It was the year 1965. The synod of the Protestant Reformed Churches met in session on June 2 at the First Protestant Reformed Church in Grand Rap­ids. Was this a monumental meeting of synod? Prob­ably not. But at this synod an eleven-page “new policy” for domestic missions and church extension work was adopted (see Acts of Synod, 1965, pp. 105-115). In years following, this policy faded away into oblivion for one reason or another. But it was a good policy. This now forty-eight-year-old policy stated (p. 112):

It is not merely the labor of a missionary to sit back and wait for an assignment to a specific field. The day of fields spontaneously presenting themselves is largely over. Besides, even in the past fields did not arise spontaneously, but through propaganda labors. The mis­sionary must, in a sense, create his own field of labor. Not only should much propaganda effort be put forth with a view to uncovering potential fields of labor; but once a potential field arises, investigative and prepara­tory work should be carefully planned and patiently executed. This work of investigation should not be hastily and generally carried out in a week or two without any preparation and planning. Plans should be laid, ample time should be given to the work, specific aspects and goals should be set for investigation, and patient labor should be bestowed.

Forty-eight years ago it was stated: “the day of fields spontaneously presenting themselves is largely over.” A half a century ago our churches were already faced with the reality: “the missionary must, in a sense, create his own field of labor.” It can be granted that this was writ­ten at a time in the history of the Protestant Reformed Churches when there was a noticeable lull in her work of domestic missions. But that fact does not change the reality: the day of fields spontaneously presenting themselves is largely over. If that was true forty-eight years ago, how much more is it true now. The nation in which we live has as a whole rejected the gospel and the truth of God’s Word. There are few groups of people that are interested in the Reformed faith, much less what the Protestant Reformed Churches have to offer. There is an individual or two here and there, but the day of groups of Reformed believers asking for help to develop into a church is past. Domestic missions requires that we find and develop fields of labor.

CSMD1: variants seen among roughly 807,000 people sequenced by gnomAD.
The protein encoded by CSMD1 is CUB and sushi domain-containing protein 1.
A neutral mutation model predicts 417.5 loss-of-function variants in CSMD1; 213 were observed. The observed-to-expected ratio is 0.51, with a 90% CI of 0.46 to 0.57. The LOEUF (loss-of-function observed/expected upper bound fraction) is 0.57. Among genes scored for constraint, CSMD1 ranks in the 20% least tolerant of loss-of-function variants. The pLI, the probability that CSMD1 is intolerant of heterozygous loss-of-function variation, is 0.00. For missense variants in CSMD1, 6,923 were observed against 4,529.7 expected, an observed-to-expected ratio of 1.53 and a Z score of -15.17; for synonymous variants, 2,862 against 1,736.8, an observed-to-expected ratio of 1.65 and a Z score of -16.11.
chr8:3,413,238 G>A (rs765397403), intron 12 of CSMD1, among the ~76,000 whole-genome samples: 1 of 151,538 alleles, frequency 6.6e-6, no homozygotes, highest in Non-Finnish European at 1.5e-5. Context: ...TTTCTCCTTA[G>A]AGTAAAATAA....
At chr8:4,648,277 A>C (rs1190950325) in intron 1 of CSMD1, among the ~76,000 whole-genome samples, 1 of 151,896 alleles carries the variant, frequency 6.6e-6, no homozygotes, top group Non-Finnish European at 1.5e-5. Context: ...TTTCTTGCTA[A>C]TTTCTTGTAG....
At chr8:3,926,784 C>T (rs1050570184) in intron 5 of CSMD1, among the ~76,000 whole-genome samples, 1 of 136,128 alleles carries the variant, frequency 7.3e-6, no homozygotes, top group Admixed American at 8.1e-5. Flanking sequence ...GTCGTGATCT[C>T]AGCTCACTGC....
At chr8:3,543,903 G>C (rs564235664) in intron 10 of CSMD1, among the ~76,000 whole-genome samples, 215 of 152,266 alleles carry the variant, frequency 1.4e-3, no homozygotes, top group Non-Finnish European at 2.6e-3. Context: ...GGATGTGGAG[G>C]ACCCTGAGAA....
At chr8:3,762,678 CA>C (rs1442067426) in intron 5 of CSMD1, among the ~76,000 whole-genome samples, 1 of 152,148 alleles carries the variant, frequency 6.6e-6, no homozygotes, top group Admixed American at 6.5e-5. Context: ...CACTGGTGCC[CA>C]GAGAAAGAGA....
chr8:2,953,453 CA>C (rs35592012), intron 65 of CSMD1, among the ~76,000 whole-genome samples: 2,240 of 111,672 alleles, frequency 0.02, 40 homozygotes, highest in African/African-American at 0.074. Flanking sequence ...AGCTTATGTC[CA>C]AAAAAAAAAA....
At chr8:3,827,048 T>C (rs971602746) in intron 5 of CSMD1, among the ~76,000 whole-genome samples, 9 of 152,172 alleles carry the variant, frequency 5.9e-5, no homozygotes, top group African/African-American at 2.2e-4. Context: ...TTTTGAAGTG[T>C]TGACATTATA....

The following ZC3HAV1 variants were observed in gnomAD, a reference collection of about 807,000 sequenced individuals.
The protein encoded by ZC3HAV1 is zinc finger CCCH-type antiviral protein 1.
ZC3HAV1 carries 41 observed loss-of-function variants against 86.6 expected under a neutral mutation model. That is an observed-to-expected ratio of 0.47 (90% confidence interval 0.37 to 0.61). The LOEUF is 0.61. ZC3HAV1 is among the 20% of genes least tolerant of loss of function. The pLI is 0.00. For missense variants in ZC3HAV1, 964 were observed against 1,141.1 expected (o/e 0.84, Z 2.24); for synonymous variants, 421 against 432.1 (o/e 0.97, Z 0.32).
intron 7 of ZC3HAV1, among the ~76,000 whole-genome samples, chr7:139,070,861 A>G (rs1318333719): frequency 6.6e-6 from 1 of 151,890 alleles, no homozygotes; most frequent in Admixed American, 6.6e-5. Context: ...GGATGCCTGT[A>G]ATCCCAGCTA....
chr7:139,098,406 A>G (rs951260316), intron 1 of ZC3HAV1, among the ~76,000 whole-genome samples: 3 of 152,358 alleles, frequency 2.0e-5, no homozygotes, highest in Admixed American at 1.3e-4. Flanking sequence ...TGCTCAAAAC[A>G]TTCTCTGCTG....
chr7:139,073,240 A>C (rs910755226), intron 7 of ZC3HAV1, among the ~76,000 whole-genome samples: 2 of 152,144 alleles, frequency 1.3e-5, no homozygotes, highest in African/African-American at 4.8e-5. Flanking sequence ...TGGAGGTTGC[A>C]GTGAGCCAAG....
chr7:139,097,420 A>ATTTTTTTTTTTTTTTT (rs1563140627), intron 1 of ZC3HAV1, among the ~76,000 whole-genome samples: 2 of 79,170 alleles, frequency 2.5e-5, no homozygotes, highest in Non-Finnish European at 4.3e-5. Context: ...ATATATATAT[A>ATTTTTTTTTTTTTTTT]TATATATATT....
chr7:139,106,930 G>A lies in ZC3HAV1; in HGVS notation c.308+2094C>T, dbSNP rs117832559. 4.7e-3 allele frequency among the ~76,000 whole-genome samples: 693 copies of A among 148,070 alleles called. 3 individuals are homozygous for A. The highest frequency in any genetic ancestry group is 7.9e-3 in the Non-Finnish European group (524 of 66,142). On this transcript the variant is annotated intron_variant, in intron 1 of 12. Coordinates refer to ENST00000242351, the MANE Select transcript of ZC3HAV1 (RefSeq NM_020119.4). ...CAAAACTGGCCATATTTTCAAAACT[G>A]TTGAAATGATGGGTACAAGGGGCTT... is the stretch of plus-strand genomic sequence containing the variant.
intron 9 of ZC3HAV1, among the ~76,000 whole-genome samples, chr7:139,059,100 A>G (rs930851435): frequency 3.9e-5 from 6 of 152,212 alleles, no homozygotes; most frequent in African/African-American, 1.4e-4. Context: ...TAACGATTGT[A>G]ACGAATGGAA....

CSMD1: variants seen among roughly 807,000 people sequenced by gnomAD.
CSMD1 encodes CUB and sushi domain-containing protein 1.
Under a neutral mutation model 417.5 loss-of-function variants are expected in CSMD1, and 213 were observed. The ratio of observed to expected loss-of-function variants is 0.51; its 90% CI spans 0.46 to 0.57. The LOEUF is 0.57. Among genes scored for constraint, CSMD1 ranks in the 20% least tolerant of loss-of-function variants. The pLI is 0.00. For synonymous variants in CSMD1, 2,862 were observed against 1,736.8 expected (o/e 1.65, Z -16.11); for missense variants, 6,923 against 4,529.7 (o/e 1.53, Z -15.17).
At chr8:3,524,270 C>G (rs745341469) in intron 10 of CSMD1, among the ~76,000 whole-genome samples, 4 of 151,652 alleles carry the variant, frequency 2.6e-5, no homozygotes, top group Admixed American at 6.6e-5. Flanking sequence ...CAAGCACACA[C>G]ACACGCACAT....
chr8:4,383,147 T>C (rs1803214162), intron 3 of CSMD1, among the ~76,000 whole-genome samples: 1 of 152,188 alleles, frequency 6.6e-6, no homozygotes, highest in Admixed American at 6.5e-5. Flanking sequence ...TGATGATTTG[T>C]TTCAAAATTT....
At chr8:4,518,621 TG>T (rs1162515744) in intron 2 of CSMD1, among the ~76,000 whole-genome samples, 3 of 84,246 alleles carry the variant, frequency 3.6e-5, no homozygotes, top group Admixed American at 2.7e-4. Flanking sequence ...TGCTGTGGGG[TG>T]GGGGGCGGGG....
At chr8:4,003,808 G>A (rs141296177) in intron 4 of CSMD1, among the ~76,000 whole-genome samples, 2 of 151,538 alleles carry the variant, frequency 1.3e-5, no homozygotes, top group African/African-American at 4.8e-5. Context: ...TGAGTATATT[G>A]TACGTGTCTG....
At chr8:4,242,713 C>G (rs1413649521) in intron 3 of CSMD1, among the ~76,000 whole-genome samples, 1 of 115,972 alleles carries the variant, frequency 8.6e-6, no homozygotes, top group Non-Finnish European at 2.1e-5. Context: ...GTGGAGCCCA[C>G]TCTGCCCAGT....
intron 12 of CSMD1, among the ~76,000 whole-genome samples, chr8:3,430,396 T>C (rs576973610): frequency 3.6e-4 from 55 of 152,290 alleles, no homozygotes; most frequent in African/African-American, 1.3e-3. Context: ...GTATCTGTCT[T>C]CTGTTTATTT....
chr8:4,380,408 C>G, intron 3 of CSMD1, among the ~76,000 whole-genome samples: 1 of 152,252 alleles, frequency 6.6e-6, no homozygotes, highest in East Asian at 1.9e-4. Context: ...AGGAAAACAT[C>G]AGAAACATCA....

The question is: how? That seems to be quite a daunting task! Where do we go to find a place to work? And if we find a place, then how do we discover individuals in that place and develop them into a vi­able group of believers that desire to be an organized church? These are questions that the Domestic Mis­sion Committee and I have been struggling with for some time already.

Here is a method we believe is biblical—and sim­ply makes sense. On his first missionary journey the apostle Paul traveled to a region in Asia Minor known as Galatia. In this area Paul established, not one, but a group of churches: Antioch in Pisidia, Iconium, Lystra, and Derbe. Paul was not content to establish only one isolated church. On his second missionary journey Paul labored in Macedonia and there established, not one, but three churches: Philippi, Thessalonica, and Berea. On his third missionary journey Paul labored for a number of years in a region of Asia Minor known then as Asia. Using Ephesus as his base he (and oth­ers) established a large group of churches: Ephesus, Smyrna, Philadelphia, Pergamos, Sardis, Laodicea, etc. We use Paul in his mission work to establish principles in doing our own work in missions. We would like to try to follow this model of Paul in establishing groups of churches in various places. (We are already doing it in our foreign work in the Philippines.) We would like to pursue domestic mission work in the areas of our isolated congregations. That is a task, of course, left up to the Domestic Mission Committee and our individual congregations to work out. Personally, I am interested in pursuing this method of labor in my own mission work in the Pittsburgh area.

We have an established work in the city of Pitts­burgh. But Pittsburgh is a large metropolitan area with its many boroughs and suburbs. In this large metropo­lis our tiny church plant in one small borough is but a speck of dust on the window of this city. We advertise on the radio, we have a presence on the Internet, we send out mailers, and put ads in papers, but how many people in this city even know we exist? Ninety-eight percent of the population of this city does not even know of our presence here. Instead of concentrating all our efforts into our Fellowship, therefore, we intend to be much broader in out outreach. We must go out into the highways and hedges and, as many as we find, bid to come to hear the gospel (Matt. 22:9, 10). To focus all our attention on one location in Pittsburgh and the majority of our labors on one small group of people is not fulfilling the mandate to preach the gospel indiscriminately to as many as possible. Using, then, the model of the apostle Paul we are presently trying something a little different in our mission work in our city.